Starmap is a tool used to generate graphical representations of project roadmaps from GitHub issues. For the purposes of Starmap, a roadmap is represented by a single root node issue in GitHub that contains links to date-bound project milestone issues within that roadmap.
The goal of Starmap is to help externalize planning, share team progress against milestones, and publicly flag dependencies. Starmap roadmaps are inter-team and user-focused. The tool provides flexibility in terms of the level of granularity that can be viewed, enabling users to drill down into specific details or see a high-level overview of the project as a whole.
For more context around roadmapping within the Protocol Labs Network, watch the Roadmapping Presentation from PL EngRes Team Summit in October 2022. This tool is introduced at 00:18:00.
To render a roadmap in Starmap, enter the related GitHub issue URL into the Starmap search bar. Depending on the size of the roadmap, the rendering may take a minute to load.
- Project milestones will appear as fixed-width cards on the Starmap timeline.
- If a milestone contains one or more nested “child” milestones, users can click on the milestone card to view that milestone and its nested child milestone(s).
- When applicable, Milestone cards will feature a green progress bar that reflects the completion status of nested child milestones.
- To access the source GitHub issue for any milestone, users can click on the GitHub icon within each milestone card.
- Starmap offers two rendering modes that can be set through the toggle button above the timeline:
- Overview mode displays high-level milestones plotted against a timeline.
- Detailed view mode organizes milestones under their respective parent milestones.
- List view will soon be added.
GitHub issues that do not satisfy the requirements for rendering in Starmap as outlined herein may not display correctly. To add your roadmap to GitHub in a manner that will allow it to render in Starmap.site, please refer to the section titled Storing Roadmaps in GitHub.
The fundamental unit of a roadmap is a project milestone. In the context of roadmapping with Starmap, a "milestone" refers to a project milestone and is distinct from the "Milestone" feature in GitHub.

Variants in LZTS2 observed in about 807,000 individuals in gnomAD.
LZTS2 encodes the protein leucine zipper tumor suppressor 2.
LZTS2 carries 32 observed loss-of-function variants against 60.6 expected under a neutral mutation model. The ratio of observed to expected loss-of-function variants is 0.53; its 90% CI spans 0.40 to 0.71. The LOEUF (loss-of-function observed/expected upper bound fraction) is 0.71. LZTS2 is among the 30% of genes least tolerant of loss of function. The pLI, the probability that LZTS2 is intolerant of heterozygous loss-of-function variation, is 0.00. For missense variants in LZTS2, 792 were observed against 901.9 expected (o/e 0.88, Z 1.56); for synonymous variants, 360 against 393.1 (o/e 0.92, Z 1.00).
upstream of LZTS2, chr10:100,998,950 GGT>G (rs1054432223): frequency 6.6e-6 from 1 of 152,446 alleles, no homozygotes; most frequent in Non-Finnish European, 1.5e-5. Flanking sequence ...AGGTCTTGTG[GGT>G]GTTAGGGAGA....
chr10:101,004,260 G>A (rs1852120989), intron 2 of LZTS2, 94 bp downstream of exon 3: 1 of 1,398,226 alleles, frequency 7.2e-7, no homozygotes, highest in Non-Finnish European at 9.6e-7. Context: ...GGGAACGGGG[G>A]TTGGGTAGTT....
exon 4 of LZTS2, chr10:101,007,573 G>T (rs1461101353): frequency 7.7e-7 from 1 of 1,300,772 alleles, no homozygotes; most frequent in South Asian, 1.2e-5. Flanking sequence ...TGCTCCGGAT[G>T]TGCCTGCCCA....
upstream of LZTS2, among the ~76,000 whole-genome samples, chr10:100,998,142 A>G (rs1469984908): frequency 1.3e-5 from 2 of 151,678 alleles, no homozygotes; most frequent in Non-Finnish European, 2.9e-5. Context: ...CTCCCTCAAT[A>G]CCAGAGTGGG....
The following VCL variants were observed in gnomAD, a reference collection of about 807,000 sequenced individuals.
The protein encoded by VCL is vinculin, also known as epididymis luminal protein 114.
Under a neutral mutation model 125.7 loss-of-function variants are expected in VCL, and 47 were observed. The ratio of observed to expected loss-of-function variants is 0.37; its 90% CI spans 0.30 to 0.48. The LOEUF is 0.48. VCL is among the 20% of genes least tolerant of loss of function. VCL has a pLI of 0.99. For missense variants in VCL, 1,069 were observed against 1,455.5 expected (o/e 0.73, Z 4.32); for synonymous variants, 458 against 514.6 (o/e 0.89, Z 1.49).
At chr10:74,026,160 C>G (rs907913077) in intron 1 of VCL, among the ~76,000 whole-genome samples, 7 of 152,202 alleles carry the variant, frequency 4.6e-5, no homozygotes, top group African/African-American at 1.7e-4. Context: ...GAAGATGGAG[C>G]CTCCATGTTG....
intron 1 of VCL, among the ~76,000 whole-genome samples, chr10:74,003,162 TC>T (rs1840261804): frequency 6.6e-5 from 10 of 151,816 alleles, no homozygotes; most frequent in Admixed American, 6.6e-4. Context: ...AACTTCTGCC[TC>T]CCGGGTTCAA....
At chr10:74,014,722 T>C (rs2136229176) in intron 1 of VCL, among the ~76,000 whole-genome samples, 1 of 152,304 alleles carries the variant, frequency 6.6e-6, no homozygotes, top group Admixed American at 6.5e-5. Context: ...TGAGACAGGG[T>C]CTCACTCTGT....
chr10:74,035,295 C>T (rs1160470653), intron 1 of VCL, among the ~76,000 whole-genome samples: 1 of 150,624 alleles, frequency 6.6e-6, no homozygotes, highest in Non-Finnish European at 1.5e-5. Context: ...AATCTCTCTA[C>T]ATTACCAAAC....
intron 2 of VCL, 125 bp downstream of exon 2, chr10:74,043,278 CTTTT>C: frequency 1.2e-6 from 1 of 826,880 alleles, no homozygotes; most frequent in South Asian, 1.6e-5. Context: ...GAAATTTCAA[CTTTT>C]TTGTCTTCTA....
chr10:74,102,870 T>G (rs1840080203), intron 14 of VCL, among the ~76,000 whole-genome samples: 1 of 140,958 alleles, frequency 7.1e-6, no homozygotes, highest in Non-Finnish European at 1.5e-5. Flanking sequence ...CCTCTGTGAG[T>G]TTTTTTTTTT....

- A milestone can have multiple nested child milestones, which can also have their own child milestones, and so on.
- In overview mode, you can only view the immediate child milestones of a milestone or root node roadmap. In detailed view mode, you can view child milestones up to two levels deep.
- Starmap allows you to navigate through a roadmap at different levels of granularity by following the parent/child relationships. You can "zoom in" to a child milestone by clicking on its card, and "zoom out" by clicking the back button on your browser or following the breadcrumb trail.
- A roadmap can therefore be conceptualized as a directed acyclic graph (DAG). The root node of the DAG represents the roadmap itself, with child milestones linked as issues under this root node. These child milestones can be displayed by directing Starmap to the root issue.
- For more information on this, see the Roadmap Root Nodes section below.
- Starmap allows you to easily create new roadmap visualizations by creating a new root "roadmap" node in GitHub that points to a set of existing milestones. This means that the same milestone can be included in multiple roadmaps.
- Roadmaps are represented by a single root node, or GitHub issue, which contains links to milestones contained within that roadmap.
- The roadmap root node and child milestones can be in any public repository as long as the issues satisfy the requirements outlined in this document.
- This means that you can link to existing GitHub issues as child milestones.
- Errors will be logged and displayed for the user in starmap.site
Certain data must be encoded within the body of a GitHub issue in order to render properly in Starmap. These encodings can co-exist with other Markdown in the issue body.
For any encoding, Starmap will only take the first such occurrence in the body.
- Milestones must have an estimated time of arrival (ETA), which is the timeframe in which the milestone is expected to be completed. The ETA is stored in the body of the issue.
- The ETA must be placed at the beginning of a new line in the issue body.
- The ETA must be formatted according to the ISO 8601 standard.
- ETAs are encoded as follows:
ETA: YYYY-MM-DD Example: 2023-02-01
- If you are linking to an existing GitHub issue as a milestone, you must edit the issue to include an ETA.
- The titles of the Roadmap root node and milestone issues will be displayed in the Starmap visualization.
- You should appropriately title your issues to give users a clear picture of the roadmap content.
- Issue titles are encoded as follows:
Title: [Team/Project Name] [Duration] Roadmap Example: Starmap 2023 Roadmap Example: Starmap Q4 2022 Roadmap
Title: [Team/Project Name] [Milestone Title] Example: Starmap Hackathon
- A milestone may have a description field.
- The description field allows you to encode a short summary of the milestone, ideally describing the value provided by the milestone.
- Descriptions are encoded as follows:
Description: Some description text for my milestone which I am using to tell readers what value they can expect to get from this milestone.
- Every roadmap is defined by a root node; the rendering of the roadmap starts with the child(ren) of that root node.
- A root node can itself be a "Milestone,” but in order to do so, it must have required fields such as an ETA.